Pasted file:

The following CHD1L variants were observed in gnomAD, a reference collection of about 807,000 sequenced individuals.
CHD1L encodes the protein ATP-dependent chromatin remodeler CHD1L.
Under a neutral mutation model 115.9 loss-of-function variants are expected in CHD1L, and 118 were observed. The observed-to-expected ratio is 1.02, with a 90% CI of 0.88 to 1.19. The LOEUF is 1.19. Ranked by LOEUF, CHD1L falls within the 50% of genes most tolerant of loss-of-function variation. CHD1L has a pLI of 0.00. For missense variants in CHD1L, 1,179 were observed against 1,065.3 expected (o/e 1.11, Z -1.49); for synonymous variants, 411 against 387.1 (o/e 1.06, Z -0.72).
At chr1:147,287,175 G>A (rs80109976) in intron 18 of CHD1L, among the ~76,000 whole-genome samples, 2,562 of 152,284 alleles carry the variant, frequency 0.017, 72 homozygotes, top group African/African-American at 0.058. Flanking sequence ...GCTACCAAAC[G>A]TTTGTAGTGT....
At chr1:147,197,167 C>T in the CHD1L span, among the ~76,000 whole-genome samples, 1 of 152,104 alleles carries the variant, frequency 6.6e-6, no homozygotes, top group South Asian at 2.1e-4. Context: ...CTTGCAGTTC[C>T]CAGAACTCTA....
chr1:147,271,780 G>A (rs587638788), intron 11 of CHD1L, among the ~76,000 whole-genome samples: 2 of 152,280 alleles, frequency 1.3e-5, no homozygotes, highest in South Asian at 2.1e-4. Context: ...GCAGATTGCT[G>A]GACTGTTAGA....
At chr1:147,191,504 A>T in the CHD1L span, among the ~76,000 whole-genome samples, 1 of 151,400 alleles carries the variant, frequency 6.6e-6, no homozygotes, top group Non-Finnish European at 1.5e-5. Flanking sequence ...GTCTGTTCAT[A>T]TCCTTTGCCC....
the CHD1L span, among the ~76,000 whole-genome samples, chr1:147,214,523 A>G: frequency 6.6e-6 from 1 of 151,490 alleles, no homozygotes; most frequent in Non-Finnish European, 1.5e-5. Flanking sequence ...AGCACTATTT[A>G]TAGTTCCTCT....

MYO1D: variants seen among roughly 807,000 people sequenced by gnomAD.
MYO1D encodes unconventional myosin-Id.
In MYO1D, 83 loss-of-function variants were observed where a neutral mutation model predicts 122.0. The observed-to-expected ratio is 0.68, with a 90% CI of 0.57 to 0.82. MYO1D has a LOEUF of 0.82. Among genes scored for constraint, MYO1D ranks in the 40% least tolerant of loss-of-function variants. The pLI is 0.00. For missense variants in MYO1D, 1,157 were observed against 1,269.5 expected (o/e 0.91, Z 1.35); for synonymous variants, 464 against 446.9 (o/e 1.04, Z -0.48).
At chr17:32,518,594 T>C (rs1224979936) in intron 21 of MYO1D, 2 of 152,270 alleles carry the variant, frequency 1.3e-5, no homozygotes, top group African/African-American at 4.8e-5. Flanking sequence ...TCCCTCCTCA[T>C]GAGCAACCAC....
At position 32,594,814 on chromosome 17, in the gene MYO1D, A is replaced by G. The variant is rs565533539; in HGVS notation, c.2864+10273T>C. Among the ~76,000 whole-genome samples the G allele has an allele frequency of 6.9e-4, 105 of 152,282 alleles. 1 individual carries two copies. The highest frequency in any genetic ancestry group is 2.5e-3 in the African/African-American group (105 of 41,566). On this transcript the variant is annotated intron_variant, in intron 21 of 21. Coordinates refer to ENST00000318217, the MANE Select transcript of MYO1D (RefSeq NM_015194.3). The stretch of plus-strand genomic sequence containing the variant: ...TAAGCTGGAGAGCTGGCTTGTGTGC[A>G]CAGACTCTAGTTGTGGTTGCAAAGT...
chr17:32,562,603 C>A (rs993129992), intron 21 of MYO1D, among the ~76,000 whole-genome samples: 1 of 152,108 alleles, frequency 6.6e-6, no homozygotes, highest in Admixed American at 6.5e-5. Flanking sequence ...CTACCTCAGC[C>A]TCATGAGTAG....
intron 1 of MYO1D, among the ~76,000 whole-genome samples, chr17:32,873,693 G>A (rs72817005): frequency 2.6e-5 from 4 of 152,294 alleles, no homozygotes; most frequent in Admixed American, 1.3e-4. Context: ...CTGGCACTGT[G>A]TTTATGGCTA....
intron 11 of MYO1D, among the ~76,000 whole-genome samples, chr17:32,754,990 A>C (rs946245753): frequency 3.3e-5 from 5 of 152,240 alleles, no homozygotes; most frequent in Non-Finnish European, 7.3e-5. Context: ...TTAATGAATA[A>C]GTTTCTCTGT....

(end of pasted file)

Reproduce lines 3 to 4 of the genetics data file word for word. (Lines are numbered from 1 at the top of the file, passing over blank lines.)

Under a neutral mutation model 115.9 loss-of-function variants are expected in CHD1L, and 118 were observed. The observed-to-expected ratio is 1.02, with a 90% CI of 0.88 to 1.19. The LOEUF is 1.19. Ranked by LOEUF, CHD1L falls within the 50% of genes most tolerant of loss-of-function variation. CHD1L has a pLI of 0.00. For missense variants in CHD1L, 1,179 were observed against 1,065.3 expected (o/e 1.11, Z -1.49); for synonymous variants, 411 against 387.1 (o/e 1.06, Z -0.72).
At chr1:147,287,175 G>A (rs80109976) in intron 18 of CHD1L, among the ~76,000 whole-genome samples, 2,562 of 152,284 alleles carry the variant, frequency 0.017, 72 homozygotes, top group African/African-American at 0.058. Flanking sequence ...GCTACCAAAC[G>A]TTTGTAGTGT....